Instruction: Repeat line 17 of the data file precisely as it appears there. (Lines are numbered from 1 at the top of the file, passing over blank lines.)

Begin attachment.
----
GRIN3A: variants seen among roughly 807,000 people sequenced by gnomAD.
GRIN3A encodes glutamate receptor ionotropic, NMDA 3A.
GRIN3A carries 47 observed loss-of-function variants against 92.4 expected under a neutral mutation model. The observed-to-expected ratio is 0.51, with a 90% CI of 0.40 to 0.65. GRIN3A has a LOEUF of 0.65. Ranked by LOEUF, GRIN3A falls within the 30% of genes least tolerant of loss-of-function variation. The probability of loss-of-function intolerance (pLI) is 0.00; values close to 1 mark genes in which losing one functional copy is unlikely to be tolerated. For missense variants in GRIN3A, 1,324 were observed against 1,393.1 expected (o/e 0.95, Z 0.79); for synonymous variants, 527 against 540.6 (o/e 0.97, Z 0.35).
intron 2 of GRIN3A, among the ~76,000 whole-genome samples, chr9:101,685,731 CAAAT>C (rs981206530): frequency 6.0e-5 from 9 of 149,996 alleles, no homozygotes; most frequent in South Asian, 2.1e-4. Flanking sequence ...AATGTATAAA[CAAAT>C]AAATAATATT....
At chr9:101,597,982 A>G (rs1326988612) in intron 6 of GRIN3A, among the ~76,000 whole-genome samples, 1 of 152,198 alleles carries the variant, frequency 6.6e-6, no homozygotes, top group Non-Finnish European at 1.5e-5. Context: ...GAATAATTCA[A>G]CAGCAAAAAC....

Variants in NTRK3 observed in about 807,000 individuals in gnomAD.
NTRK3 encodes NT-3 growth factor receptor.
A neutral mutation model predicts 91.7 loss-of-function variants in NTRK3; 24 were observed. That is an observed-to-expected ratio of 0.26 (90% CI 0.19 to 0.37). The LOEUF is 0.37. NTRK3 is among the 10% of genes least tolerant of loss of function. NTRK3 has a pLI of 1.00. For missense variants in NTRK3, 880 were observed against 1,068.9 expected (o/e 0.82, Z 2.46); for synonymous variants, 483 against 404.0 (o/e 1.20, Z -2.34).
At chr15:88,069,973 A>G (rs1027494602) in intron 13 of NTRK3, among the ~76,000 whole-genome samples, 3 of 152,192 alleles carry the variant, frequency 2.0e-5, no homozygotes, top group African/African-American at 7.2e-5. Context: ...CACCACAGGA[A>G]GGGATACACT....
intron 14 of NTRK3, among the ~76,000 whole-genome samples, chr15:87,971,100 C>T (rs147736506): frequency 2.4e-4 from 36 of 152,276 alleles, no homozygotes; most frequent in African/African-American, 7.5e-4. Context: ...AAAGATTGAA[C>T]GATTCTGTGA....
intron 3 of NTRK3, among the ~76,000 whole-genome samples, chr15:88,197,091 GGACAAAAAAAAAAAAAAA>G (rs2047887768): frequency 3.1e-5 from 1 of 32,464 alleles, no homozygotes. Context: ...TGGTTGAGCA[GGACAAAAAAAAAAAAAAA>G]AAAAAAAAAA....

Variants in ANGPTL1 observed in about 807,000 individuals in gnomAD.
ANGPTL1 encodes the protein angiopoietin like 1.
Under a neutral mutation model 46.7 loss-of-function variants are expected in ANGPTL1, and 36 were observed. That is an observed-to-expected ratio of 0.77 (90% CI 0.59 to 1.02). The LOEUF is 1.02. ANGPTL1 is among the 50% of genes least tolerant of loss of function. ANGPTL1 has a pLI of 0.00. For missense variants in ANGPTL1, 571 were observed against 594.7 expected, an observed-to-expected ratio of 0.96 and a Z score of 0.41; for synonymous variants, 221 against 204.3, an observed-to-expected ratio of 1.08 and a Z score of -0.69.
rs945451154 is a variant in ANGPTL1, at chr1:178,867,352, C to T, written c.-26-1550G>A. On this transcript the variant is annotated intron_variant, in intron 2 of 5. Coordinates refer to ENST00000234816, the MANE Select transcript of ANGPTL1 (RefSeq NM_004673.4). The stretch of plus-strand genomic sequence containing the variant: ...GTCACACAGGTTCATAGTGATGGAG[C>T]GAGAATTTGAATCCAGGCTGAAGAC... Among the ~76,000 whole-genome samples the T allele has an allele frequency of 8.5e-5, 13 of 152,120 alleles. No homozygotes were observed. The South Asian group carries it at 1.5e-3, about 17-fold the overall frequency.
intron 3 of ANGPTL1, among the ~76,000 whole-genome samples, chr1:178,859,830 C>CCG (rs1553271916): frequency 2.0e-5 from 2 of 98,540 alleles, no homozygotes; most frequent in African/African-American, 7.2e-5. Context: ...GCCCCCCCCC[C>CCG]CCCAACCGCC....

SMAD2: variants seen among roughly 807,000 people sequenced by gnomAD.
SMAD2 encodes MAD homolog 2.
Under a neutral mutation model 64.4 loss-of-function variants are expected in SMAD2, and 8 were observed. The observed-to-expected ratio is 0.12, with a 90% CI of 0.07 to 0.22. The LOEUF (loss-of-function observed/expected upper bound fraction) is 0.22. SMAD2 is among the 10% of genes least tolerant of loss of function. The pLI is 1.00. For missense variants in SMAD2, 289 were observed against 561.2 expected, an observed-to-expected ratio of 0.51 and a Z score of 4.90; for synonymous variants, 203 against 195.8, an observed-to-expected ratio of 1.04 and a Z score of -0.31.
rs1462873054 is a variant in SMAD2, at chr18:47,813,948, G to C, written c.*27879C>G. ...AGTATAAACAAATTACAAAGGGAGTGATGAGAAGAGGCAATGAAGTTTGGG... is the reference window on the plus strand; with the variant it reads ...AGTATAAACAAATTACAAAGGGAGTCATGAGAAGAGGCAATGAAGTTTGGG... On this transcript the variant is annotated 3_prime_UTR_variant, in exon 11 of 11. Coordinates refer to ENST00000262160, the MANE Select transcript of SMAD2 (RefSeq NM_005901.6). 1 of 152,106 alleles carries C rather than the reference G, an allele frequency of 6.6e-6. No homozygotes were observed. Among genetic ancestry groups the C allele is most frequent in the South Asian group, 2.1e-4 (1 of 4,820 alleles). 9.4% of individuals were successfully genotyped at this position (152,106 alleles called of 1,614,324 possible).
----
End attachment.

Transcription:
SMAD2: variants seen among roughly 807,000 people sequenced by gnomAD.